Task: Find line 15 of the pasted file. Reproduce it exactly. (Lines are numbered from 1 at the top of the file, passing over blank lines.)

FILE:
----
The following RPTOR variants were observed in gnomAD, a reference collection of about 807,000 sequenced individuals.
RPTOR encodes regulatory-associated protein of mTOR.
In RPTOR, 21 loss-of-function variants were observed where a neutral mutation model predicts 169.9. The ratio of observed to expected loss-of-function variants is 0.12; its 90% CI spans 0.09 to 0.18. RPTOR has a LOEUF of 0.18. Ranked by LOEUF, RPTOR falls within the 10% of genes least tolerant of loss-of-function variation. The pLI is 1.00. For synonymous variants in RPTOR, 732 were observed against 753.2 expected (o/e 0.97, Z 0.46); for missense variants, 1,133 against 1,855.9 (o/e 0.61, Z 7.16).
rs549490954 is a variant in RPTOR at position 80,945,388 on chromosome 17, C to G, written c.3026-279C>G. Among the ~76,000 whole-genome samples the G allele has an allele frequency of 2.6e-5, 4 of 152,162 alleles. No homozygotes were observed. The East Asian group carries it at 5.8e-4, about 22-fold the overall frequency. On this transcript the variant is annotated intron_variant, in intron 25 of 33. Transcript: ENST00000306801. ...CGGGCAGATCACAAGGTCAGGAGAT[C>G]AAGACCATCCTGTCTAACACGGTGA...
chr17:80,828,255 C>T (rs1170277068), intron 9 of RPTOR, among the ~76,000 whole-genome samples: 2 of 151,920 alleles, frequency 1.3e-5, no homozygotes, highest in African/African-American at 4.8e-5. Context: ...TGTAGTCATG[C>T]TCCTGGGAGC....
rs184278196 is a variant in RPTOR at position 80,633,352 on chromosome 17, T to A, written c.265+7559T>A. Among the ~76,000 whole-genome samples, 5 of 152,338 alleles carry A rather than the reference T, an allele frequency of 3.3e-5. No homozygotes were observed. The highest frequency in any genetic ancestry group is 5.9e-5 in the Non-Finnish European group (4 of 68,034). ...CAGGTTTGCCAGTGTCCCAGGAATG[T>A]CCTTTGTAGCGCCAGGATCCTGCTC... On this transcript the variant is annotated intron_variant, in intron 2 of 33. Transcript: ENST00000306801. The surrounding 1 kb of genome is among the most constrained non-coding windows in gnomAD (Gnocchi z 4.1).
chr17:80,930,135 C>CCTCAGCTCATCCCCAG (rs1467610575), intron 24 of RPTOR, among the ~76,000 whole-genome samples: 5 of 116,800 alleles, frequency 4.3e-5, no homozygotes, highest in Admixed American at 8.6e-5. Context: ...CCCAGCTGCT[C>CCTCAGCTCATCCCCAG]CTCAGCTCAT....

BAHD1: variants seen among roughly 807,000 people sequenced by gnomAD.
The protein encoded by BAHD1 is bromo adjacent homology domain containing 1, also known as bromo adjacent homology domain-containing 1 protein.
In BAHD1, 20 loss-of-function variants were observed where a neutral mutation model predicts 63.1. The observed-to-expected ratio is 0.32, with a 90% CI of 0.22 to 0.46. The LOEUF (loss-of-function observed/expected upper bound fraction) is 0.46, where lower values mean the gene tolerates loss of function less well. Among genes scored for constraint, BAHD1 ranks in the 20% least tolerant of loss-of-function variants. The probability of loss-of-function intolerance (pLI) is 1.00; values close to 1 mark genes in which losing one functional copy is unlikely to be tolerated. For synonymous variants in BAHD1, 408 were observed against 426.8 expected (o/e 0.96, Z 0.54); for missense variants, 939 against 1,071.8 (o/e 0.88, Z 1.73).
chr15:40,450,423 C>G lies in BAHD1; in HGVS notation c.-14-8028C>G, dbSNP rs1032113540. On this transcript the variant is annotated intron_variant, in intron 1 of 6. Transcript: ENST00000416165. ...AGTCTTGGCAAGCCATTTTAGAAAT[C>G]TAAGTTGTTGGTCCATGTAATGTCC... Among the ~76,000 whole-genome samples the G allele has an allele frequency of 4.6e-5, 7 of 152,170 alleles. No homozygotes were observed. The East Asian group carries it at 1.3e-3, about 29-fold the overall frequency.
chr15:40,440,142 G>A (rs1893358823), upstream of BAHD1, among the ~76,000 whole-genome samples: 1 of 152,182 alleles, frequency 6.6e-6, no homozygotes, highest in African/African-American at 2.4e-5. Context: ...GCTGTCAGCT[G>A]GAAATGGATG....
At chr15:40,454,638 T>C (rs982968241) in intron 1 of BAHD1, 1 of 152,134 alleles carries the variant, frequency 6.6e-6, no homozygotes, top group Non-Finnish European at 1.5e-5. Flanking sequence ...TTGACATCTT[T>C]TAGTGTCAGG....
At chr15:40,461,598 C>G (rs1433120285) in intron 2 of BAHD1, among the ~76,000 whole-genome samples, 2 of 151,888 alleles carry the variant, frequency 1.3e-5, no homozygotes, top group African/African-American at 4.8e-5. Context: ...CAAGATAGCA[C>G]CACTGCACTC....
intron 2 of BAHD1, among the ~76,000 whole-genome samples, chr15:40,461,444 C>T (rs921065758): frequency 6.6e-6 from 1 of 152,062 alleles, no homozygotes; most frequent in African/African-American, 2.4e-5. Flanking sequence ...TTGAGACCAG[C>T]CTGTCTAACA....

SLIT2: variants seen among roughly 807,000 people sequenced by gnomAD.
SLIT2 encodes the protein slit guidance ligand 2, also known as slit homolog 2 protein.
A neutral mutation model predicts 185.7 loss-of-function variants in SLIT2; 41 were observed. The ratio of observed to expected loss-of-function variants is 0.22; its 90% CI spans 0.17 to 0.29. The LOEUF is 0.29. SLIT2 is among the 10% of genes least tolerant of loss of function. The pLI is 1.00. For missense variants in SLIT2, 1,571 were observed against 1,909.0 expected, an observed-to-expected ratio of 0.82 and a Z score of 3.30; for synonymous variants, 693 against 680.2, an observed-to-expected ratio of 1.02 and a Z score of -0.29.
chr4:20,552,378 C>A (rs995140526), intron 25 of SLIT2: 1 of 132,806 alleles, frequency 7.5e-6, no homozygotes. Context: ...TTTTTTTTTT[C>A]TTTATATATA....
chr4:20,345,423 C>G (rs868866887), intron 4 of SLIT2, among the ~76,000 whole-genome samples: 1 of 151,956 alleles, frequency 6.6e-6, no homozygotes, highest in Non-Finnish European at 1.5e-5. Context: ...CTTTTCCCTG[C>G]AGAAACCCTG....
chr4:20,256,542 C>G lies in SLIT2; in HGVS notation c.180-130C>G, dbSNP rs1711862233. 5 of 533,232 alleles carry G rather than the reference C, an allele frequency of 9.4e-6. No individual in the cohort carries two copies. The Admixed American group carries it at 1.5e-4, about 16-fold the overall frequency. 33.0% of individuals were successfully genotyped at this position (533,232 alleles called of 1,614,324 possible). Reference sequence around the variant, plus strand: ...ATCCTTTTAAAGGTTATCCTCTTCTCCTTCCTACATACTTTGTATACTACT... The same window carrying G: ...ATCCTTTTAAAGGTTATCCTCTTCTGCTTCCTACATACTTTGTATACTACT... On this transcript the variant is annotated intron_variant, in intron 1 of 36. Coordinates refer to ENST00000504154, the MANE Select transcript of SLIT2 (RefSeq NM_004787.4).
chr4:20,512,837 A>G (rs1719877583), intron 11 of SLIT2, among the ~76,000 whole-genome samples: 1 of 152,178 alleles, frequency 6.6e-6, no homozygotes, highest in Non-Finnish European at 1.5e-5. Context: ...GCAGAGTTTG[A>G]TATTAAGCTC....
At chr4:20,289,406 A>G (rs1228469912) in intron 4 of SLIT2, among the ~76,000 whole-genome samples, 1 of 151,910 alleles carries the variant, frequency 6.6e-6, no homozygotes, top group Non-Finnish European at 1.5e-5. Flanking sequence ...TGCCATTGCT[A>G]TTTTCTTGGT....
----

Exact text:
intron 2 of BAHD1, among the ~76,000 whole-genome samples, chr15:40,461,444 C>T (rs921065758): frequency 6.6e-6 from 1 of 152,062 alleles, no homozygotes; most frequent in African/African-American, 2.4e-5. Flanking sequence ...TTGAGACCAG[C>T]CTGTCTAACA....